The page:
- The Washington Times - Wednesday, October 27, 2004

The polls have President Bush and Sen. John Kerry neck-and-neck, but I do not believe that is true. It is not that I believe that the polls are intrinsically inaccurate, but rather that this election is so profoundly important for the future of the nation that many voters will make up their minds, or change their minds, at the last moment.

I have no scientific evidence, but my decades of experience covering politics leads me to a piece of unconventional wisdom — that the election will not be a tight horse race but that Mr. Bush will win re-election by at least 5 percentage points, and even more in the Electoral College.

There are 10 reasons why I believe in Mr. Bush’s reelection, all of them intuitive but still as educated as possible at this juncture. They are:

1. Mr. Kerry is a good debater, but perhaps too good. He marshals his arguments, has them ad infinitum, but appears too slick and comes finally across as a skilled but insincere man. Mr. Bush, on the other hands, thinks and talks haltingly at times but is obviously very sincere with a great love of country. Mr. Kerry’s love seems reserved for himself. When it comes to patriotism, sincerity trumps skill every time.

2. The war is not going as well as Americans would have hoped. But most Americans rally when facing struggle and, as in World War II, hope for the best. Mr. Kerry, on other hand, uses every setback in Iraq to his advantage, seemingly to gloat over the death of every brave American soldier. No one likes a political ghoul, and Mr. Kerry is doing a facile imitation of one.



3. The black vote, so important in Florida, seems to be breaking somewhat more for Mr. Bush. As blacks gain such middle class standards as homeownership, they tend to wander from their usual Democratic base. In fact, without the black vote there is no viable Democratic Party. Al Gore lost only 9 percent of the black vote to the Republicans in 2000, but Mr. Bush seems destined to take 15 percent or more this time. The difference of several million votes could tilt the balance. At the same time, the socially conservative black church vote is angry at the Democrats for supporting such policies as same-sex “marriage.”

4. Late-night comedians use the flip-floppery of Mr. Kerry as a stand-up gag. It’s funny because it’s true, and voters fear a man who changes his views with the daily polls. When Howard Dean was leading the Democratic primaries because of his anti-war stance, Mr. Kerry became a vociferous anti-war politician. Americans don’t like opportunists, and Mr. Kerry has shown himself to be an adroit one.

5. The important Jewish vote is also moving somewhat toward Mr. Bush. Typically, 80 percent of Jews vote Democratic, but this year because of Mr. Bush’s unequivocal support for Israel, the Jewish vote should be 27-30 percent for Mr. Bush. The Democrats offer lip service to Israel, but the Republicans — as per Richard Nixon’s sending U.S. fighter jets to save Israel during the Yom Kippur War — are true allies of that democracy in the Middle East. A larger Republican Jewish vote could easily swing Florida to Mr. Bush.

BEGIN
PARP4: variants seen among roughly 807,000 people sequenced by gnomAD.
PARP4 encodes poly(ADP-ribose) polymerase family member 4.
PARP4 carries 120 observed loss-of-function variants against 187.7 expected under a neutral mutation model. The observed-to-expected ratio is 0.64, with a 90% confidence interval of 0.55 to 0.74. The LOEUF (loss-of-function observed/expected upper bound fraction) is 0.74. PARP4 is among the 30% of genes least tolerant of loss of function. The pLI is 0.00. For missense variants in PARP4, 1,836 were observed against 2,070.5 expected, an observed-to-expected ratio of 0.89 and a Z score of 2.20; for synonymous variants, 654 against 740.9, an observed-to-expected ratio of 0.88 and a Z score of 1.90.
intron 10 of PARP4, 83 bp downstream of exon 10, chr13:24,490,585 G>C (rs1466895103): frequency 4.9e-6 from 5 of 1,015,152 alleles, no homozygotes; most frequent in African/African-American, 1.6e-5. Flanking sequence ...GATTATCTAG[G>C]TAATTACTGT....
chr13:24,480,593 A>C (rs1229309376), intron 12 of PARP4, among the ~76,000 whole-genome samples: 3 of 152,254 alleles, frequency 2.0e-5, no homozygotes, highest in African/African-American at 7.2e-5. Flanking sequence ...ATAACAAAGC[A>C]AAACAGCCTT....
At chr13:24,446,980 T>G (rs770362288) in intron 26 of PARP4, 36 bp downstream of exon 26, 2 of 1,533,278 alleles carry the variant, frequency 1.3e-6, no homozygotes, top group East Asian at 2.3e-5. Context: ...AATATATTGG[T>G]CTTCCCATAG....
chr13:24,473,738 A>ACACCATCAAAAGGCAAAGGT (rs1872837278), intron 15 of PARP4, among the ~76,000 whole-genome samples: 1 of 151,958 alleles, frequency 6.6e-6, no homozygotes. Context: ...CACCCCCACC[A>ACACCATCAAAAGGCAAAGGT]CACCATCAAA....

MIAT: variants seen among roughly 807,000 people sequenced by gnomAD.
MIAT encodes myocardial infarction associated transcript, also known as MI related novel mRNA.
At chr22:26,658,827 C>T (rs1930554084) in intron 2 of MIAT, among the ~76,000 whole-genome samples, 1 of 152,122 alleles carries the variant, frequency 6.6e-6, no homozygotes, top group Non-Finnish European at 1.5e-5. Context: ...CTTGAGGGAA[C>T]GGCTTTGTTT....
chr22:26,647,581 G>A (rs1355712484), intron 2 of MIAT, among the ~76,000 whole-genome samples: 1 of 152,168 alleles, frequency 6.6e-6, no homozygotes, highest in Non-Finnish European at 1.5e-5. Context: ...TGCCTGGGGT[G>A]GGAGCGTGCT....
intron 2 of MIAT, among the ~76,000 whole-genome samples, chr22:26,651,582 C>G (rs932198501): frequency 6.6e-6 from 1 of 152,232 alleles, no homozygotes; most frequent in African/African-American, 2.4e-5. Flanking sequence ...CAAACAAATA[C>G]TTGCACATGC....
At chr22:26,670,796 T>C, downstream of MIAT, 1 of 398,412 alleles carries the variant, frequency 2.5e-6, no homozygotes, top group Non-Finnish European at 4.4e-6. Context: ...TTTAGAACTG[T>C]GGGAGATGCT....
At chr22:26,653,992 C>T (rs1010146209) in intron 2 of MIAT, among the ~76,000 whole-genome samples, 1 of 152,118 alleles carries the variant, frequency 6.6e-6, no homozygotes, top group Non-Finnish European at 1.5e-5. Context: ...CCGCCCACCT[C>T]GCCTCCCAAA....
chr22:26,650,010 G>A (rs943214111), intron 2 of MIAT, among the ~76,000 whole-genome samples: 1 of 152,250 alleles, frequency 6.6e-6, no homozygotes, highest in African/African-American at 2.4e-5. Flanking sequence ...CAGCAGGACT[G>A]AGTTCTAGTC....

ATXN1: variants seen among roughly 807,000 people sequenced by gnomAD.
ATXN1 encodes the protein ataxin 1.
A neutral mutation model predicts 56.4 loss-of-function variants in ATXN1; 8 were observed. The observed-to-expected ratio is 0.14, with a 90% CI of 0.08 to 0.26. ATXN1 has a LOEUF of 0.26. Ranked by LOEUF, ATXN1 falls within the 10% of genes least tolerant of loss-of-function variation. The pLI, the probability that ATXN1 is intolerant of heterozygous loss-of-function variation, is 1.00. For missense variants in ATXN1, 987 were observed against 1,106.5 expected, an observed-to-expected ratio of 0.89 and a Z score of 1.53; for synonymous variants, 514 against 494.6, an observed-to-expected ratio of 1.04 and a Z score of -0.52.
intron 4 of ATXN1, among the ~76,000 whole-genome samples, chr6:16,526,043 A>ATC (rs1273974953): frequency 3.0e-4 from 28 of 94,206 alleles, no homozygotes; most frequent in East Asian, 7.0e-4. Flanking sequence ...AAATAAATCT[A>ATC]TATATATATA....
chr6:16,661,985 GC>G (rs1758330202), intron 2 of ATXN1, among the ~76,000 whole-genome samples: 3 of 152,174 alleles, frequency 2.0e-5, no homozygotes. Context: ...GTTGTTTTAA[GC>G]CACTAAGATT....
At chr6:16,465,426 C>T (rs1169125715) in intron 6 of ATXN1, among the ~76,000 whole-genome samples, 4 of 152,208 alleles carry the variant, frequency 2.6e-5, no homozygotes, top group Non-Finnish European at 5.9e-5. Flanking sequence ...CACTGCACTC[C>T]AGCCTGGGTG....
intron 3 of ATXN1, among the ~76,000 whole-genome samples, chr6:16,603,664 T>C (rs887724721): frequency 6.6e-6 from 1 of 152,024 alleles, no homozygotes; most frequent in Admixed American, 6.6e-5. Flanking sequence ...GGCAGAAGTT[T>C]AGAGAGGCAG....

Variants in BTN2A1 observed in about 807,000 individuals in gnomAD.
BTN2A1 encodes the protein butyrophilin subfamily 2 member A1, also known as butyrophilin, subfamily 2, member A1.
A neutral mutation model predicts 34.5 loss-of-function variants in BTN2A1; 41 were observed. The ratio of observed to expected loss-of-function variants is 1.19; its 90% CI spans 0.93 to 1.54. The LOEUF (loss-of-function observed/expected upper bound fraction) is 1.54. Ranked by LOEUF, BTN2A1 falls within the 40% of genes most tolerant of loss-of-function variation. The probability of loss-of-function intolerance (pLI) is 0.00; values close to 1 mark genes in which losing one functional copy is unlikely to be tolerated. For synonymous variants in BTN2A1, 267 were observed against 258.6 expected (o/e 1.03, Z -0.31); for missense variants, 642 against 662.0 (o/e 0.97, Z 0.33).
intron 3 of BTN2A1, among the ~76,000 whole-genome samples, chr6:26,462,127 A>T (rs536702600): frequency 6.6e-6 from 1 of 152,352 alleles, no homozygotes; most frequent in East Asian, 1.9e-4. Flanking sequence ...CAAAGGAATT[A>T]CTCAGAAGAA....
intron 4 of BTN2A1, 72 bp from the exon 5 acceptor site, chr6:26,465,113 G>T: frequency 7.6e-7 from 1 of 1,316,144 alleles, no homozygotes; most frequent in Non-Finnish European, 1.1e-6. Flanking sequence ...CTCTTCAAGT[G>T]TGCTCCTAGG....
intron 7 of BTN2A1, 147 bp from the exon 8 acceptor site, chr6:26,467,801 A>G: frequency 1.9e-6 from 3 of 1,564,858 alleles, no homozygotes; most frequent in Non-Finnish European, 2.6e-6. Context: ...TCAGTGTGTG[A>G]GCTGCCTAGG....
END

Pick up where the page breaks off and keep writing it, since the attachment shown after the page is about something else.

6. Some independents will vote for Mr. Bush at the last minute in order to avoid having Theresa Heinz Kerry replace Laura Bush as First Lady in the White House.

7. Despite his protestations, many Americans are suspicious of Mr. Kerry’s patriotism. In 1971, he parroted communist propaganda that GIs were “war criminals” through his anti-American testimony before the Senate Foreign Relations Committee. More recently, the former chief of the Romanian KGB, now in the United States, has written that his group created the propaganda, and were pleased when Mr. Kerry became a spokesman for those lies.

8. Mr. Kerry, many Americans fear, would not support a strong military. In 1984, in his race for the Senate, he advocated eliminating or significantly cutting most of our arsenal from the Apache helicopter to the F-15 fighter to the Trident nuclear missile sub. In the 1960s, former Soviet officials have since revealed, Leonid Brezhnev contemplated a first nuclear strike but dropped the idea when faced with our nuclear sub potential, which Mr. Kerry asked be reduced.

9. Mr. Kerry has subtly stated that he knows his patriotic defense record is not a good one, calling some of it “ill-advised,” even “stupid,” pointing out that people learn from their errors. That, however, is in doubt in his case since only recently he voted against the $87 billion appropriation for the troops in Iraq after having voted for the war. He seems totally in the spell of such former Democratic leaders as George McGovern, the party’s presidential candidate in 1972, whose answer to the Soviet threat was to cut our defense budget by 30 percent.

10. Mr. Kerry is too full of himself, too boastful about his war record. Apparently he promoted his three purple heart decorations in order to leave Vietnam early. Sen. Bob Dole, who was always humble about his enormous sacrifice during World War II, said that Mr. Kerry was the first veteran who ever received three purple hearts yet never shed a drop of blood.

It is my belief that this race for the presidency is beyond partisan politics. It is a contest of sincerity and patriotism, one which Mr. Kerry fails. I cannot imagine John Kerry, the opportunist, as president, so perhaps these 10 reasons will succeed where the polls have — I hope — failed.

Martin L. Gross, a former Air Force officer, is also a former official of the Democratic Party.

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